Monday, March 25, 2013

Sermon on the Fount 1.0

 photo Andy-Warhol-Elvis--1963--triple-Elv.jpg

Apotheosis in a late stage capitalist society is dependent upon passage beyond our chains of self into material goods. Deification occurs when we transcend our own mortal existence to gain what we’ve always longed for and become a product. Only then do we live forever and manage to defeat the time trial that is our lifetime. 

Our fear of death and the unknown has been heightened in the absence of true religion. Advertisers use our own mortality as a way to pierce our thoughts and sell us products that promise more than anything can truly offer. No, religion and the afterlife is now for zealots and the weak minded. Those of us raised on Coca-Cola, Saturday morning cartoons and Bisquik know that there is nothing after our own death. No heaven. No hell. No purgatorio as in Dante. Materialism and consumer culture is our new religion, and we worship at the altar of the flat screen. Culture and the media is our pantheon and it tells us to buy more, own more. And work more to do it. The things you own surely can’t own you? Inanimate objects are harmless of course, as harmless as the NRA would tell you that guns are. People are the real enemy. 
 photo tvod-1_zpsb9411de5.gif

And so fear of one another is bred as well. It’s only the material product itself that offers us any respite from the unnerving paranoia and distrust created by advertisers to sell us more…stuff. And it’s all vague, worthless crap anyway. Shoes, phones, little dolls with little doll eyes, DVDs. Products need no longer have a purpose, only a hook or an angle. A flashy advertisement that promises something we long for. It fulfills a need we didn’t even know we had. 

Objects use to be created to fulfill needs, to accomplish goals. Man needed the wheel to move faster and cart grain around. Form follows function after all.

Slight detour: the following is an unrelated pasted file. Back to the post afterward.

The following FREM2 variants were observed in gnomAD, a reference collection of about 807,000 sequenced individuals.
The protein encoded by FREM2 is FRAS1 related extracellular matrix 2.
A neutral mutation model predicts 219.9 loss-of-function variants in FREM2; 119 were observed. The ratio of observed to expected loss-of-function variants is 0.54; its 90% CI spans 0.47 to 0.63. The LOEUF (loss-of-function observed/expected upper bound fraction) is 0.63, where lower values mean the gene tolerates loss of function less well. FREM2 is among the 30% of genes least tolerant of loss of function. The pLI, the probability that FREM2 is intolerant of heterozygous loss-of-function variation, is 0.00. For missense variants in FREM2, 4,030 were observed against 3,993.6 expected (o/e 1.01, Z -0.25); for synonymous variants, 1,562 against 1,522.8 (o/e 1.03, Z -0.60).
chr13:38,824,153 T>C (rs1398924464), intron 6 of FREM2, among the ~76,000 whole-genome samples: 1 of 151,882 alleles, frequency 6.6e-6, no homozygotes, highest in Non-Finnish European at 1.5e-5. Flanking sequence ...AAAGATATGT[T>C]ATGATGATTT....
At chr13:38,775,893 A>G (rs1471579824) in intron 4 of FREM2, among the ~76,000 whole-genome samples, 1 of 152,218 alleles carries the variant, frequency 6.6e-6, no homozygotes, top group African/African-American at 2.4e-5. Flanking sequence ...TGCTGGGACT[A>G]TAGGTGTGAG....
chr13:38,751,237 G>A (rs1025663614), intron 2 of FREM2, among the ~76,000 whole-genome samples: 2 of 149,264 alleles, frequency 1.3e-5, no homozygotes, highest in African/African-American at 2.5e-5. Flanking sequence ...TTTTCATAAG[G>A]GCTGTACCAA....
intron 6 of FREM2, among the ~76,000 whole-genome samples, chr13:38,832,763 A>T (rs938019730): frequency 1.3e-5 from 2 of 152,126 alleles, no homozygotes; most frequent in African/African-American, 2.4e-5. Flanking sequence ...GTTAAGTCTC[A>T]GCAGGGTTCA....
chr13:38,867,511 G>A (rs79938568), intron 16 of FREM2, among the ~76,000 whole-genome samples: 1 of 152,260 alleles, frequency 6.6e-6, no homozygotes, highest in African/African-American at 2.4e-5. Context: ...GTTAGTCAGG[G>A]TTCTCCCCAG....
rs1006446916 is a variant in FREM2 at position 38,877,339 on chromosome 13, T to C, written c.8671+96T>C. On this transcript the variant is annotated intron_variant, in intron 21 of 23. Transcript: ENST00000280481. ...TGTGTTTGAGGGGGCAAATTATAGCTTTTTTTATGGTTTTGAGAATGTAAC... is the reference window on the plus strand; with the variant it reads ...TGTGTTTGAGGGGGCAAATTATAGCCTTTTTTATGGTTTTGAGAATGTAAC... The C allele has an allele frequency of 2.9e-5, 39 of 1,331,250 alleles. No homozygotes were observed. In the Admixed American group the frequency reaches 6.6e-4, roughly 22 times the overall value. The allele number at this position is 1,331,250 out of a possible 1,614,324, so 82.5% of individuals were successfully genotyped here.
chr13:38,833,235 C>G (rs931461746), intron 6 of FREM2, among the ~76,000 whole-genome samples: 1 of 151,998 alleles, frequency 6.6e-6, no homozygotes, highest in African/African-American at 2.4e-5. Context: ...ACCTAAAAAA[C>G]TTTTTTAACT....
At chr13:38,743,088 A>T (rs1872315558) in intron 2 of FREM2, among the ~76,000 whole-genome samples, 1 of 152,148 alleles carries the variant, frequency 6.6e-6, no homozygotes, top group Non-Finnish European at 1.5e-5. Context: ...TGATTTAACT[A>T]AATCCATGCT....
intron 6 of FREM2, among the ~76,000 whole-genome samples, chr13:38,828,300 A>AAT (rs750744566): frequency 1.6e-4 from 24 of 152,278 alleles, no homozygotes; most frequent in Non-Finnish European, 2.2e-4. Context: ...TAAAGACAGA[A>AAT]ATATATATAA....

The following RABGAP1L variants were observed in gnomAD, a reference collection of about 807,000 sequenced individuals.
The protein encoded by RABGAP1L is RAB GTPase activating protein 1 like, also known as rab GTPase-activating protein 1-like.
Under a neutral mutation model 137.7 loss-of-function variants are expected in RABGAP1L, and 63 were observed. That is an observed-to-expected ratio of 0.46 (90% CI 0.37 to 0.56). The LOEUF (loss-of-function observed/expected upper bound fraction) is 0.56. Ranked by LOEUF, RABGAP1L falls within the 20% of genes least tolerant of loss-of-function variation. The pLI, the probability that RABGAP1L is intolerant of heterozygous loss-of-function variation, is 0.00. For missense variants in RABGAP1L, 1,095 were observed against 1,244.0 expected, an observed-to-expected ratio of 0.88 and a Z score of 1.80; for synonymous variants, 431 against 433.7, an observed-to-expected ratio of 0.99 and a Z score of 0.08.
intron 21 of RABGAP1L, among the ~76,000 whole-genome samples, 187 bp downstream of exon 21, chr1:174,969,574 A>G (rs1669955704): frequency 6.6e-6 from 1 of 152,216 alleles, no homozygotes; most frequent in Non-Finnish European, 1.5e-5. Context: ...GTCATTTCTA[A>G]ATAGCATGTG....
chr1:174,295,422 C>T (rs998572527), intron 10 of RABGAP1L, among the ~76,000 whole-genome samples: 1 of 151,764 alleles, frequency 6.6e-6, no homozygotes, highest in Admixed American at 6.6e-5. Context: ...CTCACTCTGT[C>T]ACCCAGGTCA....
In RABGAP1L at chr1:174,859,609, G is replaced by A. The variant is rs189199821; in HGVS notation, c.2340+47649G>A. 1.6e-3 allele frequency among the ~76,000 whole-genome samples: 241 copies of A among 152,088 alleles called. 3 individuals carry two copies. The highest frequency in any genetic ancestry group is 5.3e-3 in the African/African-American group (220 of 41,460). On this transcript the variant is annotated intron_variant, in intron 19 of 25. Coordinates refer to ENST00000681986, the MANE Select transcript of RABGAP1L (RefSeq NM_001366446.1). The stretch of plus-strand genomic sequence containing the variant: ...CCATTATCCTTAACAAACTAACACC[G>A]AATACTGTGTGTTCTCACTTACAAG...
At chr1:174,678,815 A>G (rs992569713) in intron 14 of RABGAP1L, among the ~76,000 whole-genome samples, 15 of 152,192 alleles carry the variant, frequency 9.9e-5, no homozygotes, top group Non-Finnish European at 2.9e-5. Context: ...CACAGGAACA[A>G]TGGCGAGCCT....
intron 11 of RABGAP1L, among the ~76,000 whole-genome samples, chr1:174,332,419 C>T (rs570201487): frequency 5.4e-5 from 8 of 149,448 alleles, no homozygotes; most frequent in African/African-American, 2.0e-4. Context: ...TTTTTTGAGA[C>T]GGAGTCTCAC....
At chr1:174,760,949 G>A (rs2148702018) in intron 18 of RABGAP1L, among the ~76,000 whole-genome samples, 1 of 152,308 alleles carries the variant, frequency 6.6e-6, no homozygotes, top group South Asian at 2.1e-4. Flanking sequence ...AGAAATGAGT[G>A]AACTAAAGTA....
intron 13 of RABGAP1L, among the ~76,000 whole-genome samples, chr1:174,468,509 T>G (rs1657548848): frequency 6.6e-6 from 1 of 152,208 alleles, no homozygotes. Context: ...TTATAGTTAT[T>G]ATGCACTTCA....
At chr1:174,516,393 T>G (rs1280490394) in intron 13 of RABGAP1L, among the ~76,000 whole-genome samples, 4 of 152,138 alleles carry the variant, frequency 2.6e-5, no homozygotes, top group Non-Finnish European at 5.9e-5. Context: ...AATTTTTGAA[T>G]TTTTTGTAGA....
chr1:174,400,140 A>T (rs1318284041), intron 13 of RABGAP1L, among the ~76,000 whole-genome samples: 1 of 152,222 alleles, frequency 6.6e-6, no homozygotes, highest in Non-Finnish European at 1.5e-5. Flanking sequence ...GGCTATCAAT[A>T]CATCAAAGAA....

But now products are created simultaneously with the function built in. The necessity created afterwards in a conference room or a marketing office. When I was younger I didn’t know I needed a cell phone; now I can’t live without one. Products no longer fulfill needs, they create needs.   

Those of us that produce culture and goods, our musicians, our artists, our leaders, our corporations are the high priests of our religion. We long to know everything about them. Others are paid to follow them around and capture every meaningless detail of their lives in a fish eye lens. And then they report back to us the glory and sanctity of their blessed day to days. Where they eat. Where they shop. And of course, what they buy. Celebrity is bestowed and created by the media. 

When those celebrities pass on, as we all will, we immortalize them by turning them into products. Michael Jackson figurines. Kurt Cobain video games. Paul Newman salad dressing. And this is what we all long for. To become something other than flesh and blood. To become something that is useless, but is not subject to our own mortality and fickle desires. Something that can live on when we are gone. A piece of us that is not in all actuality a piece of us. Ashes to fashion, dust to rust.  

No comments:

Post a Comment